Board Structure and Decision Making

  • A shareholders’ agreement should contain clauses relating to decision making, the rights of shareholders to appoint or remove directors and the powers of the managing director (if any).

Dividends, Funding, and Issue of New Shares

  • Dividends: A shareholders’ agreement should specify the circumstances in which dividends may be payable whether profits should be retained by the company for working capital.
  • Funding: The shareholders’ agreement should specify what is to occur if additional injections of capital are required.
  • Issue of New Shares: Similarly, if the company intends in the future to raise further capital by way of the issue of shares, consideration should be given to the process in these circumstances.

Selling Shares

  • First rights of refusal: A shareholders’ agreement will generally require a shareholder who wishes to sell some or all their shares to first give notice to the other shareholder(s) and offer them the option to purchase their shares, before selling to a third party. It should also be considered whether the founders of the company should have the first right to maintain control.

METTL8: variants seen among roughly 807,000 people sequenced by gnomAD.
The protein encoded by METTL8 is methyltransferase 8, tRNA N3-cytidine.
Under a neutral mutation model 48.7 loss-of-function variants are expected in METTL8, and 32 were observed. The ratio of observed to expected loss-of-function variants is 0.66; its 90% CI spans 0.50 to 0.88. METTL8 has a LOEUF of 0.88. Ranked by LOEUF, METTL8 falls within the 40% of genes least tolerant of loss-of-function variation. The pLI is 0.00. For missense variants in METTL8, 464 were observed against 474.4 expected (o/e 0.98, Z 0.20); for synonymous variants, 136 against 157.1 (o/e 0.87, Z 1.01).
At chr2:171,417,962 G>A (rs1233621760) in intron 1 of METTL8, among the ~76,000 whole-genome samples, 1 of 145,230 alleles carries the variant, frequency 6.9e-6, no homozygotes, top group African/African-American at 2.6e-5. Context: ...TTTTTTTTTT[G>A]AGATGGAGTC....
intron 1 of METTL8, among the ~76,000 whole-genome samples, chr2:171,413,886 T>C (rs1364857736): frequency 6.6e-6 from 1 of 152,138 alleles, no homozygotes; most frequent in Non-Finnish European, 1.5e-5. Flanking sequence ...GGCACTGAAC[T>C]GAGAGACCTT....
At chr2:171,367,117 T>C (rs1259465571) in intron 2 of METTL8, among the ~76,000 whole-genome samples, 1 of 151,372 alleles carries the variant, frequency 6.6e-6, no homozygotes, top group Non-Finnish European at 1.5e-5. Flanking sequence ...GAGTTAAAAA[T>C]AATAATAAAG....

• Drag Along: A ‘drag along’ clause is generally included which allows majority shareholders to force the minority shareholders to sell their shares in the event of a sale (usually triggered in takeovers, with the minority shareholder able to sell on same terms and conditions and price).
  • Tag Along: On the flip side of the ‘drag along’ a ‘tag along’ provision grants the right to a minority shareholder to ‘tag along’ in a sale of shares at the same price should they choose.


  • The shareholders’ agreement will generally specify as to what happens in the event of a deadlock.  Such as a ‘golden vote’ or the appointment of a referee just to name a couple of options.  There are multiple deadlock methods available which we can discuss further with you.

Working Owner Concept